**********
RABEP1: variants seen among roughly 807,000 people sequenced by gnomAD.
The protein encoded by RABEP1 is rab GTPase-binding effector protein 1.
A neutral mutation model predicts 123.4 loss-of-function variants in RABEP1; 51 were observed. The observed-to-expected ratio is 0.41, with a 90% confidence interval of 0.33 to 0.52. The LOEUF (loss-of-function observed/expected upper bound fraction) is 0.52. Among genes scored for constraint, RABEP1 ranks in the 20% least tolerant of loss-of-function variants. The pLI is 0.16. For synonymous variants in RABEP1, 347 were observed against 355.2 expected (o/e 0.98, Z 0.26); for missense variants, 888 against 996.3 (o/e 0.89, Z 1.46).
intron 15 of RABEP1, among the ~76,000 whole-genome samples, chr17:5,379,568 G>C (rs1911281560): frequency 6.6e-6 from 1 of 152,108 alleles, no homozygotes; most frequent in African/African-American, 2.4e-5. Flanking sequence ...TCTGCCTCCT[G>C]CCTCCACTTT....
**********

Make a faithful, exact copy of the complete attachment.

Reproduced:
RABEP1: variants seen among roughly 807,000 people sequenced by gnomAD.
The protein encoded by RABEP1 is rab GTPase-binding effector protein 1.
A neutral mutation model predicts 123.4 loss-of-function variants in RABEP1; 51 were observed. The observed-to-expected ratio is 0.41, with a 90% confidence interval of 0.33 to 0.52. The LOEUF (loss-of-function observed/expected upper bound fraction) is 0.52. Among genes scored for constraint, RABEP1 ranks in the 20% least tolerant of loss-of-function variants. The pLI is 0.16. For synonymous variants in RABEP1, 347 were observed against 355.2 expected (o/e 0.98, Z 0.26); for missense variants, 888 against 996.3 (o/e 0.89, Z 1.46).
intron 15 of RABEP1, among the ~76,000 whole-genome samples, chr17:5,379,568 G>C (rs1911281560): frequency 6.6e-6 from 1 of 152,108 alleles, no homozygotes; most frequent in African/African-American, 2.4e-5. Flanking sequence ...TCTGCCTCCT[G>C]CCTCCACTTT....